Hawaii’s Kilauea Volcano continues to erupt, sending magma flowing through multiple fissures. The U.S. Geological Survey has sounded a warning, however, that the volcano could erupt more explosively. Hot spot volcanoes like Hawaii’s generally have more basaltic lava, which has a lower viscosity than more silica-rich magmas like those seen on continental plates. That makes Hawaii’s volcanoes less prone to explosive detonations like the 1980 Mt. St. Helens eruption. With less viscous lava, there’s less likelihood of plugging a magma chamber and causing a deadly buildup of pressure from toxic gases.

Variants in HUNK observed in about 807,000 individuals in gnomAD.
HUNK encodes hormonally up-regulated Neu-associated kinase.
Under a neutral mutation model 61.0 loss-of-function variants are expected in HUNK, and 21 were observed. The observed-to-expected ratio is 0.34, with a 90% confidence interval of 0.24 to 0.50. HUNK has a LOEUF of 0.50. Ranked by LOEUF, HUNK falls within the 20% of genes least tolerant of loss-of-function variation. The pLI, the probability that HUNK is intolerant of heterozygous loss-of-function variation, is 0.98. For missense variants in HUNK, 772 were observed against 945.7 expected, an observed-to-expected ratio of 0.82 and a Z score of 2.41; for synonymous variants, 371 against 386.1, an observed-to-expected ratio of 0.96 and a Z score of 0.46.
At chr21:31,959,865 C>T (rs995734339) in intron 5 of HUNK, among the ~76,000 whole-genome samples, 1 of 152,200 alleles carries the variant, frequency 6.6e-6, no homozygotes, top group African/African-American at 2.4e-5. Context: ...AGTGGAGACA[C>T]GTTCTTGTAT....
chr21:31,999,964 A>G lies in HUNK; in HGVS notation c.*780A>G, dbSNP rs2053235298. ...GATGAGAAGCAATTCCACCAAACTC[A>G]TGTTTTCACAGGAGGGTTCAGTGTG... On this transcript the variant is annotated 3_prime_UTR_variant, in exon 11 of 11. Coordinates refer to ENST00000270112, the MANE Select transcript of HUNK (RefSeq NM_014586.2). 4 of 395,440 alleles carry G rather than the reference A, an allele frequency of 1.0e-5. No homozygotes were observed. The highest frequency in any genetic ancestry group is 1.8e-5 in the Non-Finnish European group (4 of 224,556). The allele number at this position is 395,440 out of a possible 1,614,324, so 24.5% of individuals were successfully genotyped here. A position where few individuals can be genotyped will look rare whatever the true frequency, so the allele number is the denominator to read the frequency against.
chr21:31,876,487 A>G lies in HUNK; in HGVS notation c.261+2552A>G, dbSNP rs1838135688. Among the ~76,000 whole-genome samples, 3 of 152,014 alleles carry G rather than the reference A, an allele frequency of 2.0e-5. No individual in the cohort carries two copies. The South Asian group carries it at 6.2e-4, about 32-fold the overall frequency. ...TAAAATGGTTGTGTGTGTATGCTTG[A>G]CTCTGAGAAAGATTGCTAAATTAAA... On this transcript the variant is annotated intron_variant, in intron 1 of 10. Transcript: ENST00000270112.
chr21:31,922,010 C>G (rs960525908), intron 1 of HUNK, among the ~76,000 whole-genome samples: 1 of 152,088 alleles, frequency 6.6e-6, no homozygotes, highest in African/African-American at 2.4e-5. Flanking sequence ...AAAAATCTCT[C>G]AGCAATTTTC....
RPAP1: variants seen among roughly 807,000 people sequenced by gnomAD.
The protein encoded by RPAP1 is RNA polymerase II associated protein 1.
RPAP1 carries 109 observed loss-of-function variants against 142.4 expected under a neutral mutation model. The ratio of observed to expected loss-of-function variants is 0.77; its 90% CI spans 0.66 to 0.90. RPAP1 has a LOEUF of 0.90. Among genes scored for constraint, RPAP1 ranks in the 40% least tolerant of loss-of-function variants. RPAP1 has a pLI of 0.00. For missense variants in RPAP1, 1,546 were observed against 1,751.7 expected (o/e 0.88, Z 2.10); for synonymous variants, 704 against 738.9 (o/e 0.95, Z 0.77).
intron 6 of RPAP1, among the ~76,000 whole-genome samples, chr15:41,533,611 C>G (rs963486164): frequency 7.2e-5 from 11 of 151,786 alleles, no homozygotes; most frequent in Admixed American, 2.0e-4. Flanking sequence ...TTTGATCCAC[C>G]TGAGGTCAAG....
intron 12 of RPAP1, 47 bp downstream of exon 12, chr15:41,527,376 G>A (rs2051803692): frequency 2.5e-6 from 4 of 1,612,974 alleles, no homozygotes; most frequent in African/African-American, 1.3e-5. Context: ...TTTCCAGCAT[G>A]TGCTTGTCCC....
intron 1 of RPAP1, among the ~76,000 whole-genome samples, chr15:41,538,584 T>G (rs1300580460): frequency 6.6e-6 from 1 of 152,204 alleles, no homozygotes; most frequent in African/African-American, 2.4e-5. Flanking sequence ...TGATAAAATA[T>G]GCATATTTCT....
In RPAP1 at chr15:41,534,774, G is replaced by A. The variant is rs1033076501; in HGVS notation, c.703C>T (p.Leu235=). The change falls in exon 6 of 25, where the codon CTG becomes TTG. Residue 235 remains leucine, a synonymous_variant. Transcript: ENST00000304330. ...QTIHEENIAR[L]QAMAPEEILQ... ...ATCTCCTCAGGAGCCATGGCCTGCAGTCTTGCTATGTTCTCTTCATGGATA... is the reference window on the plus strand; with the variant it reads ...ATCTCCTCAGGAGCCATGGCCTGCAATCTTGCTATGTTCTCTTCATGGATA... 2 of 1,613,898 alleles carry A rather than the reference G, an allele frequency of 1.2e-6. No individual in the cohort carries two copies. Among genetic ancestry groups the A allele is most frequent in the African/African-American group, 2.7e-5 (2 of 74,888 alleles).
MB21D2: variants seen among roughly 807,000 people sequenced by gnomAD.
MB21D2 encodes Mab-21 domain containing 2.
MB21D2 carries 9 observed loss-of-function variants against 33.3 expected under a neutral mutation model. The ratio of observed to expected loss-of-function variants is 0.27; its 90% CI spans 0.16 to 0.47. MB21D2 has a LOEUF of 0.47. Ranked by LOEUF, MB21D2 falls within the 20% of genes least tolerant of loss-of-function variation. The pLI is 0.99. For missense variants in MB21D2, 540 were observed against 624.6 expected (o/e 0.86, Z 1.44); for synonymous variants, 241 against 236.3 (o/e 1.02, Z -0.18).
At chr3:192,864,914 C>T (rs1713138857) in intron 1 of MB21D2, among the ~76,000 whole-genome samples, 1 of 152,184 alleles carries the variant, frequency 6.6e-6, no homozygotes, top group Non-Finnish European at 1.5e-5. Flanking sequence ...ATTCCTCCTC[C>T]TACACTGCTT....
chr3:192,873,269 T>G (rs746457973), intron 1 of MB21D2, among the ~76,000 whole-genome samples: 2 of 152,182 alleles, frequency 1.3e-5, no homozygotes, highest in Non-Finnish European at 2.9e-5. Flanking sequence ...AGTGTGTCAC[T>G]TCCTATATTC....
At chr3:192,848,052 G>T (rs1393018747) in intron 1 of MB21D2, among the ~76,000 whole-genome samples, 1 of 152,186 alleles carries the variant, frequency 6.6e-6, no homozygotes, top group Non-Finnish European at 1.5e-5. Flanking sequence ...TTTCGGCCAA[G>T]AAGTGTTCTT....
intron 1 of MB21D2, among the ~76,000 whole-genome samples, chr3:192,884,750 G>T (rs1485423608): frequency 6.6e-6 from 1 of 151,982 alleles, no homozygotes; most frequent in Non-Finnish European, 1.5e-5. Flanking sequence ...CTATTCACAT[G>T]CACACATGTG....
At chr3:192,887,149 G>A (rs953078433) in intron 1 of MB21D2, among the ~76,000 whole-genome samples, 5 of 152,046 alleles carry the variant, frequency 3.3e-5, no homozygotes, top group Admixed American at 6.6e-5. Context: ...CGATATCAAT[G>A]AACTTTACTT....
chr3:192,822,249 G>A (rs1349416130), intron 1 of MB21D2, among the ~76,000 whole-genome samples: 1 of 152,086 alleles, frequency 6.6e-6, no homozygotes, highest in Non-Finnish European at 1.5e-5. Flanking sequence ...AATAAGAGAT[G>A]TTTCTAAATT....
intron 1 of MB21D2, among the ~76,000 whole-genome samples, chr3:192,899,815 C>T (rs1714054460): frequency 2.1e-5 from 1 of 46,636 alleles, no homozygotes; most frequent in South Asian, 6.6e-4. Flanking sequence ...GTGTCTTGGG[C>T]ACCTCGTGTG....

But that doesn’t mean that there’s no risk. In particular, officials are concerned by the rapid draining of a lava lake near Kilauea’s summit. As illustrated below, if the lava level drops below the water table, that increases the likelihood of steam forming in the underground chambers through which lava flows. The rapid drainage has destabilized the walls around the lava lake, causing frequent rockfalls into the chamber. If those were to plug part of the chamber and cause a steam buildup, then there could be an explosive eruption that releases the pressure. To be clear: even if this were to happen, it would be nothing like the explosiveness of Mt. St. Helens. But it would include violent expulsions of rock and widespread ash-fall. (Image credits: USGS, source; via Gizmodo)